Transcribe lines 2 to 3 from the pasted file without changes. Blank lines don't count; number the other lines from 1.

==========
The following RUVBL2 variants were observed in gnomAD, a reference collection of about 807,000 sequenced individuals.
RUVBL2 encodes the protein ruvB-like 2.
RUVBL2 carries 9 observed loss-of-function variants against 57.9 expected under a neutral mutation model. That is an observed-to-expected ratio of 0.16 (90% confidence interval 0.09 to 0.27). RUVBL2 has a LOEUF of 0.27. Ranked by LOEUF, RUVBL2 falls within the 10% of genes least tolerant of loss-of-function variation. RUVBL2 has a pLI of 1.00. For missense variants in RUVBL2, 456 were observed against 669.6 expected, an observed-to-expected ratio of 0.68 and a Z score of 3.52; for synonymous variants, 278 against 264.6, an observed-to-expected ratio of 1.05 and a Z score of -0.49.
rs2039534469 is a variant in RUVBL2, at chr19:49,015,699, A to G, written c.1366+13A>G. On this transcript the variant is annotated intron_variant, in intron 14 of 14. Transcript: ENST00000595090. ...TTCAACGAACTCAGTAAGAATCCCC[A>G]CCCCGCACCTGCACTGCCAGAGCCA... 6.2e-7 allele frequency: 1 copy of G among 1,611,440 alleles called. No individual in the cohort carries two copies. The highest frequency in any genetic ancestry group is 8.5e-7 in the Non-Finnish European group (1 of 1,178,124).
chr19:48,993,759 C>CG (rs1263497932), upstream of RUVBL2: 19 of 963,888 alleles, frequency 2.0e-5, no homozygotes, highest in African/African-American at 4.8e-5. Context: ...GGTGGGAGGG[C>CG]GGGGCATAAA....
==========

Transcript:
RUVBL2 encodes the protein ruvB-like 2.
RUVBL2 carries 9 observed loss-of-function variants against 57.9 expected under a neutral mutation model. That is an observed-to-expected ratio of 0.16 (90% confidence interval 0.09 to 0.27). RUVBL2 has a LOEUF of 0.27. Ranked by LOEUF, RUVBL2 falls within the 10% of genes least tolerant of loss-of-function variation. RUVBL2 has a pLI of 1.00. For missense variants in RUVBL2, 456 were observed against 669.6 expected, an observed-to-expected ratio of 0.68 and a Z score of 3.52; for synonymous variants, 278 against 264.6, an observed-to-expected ratio of 1.05 and a Z score of -0.49.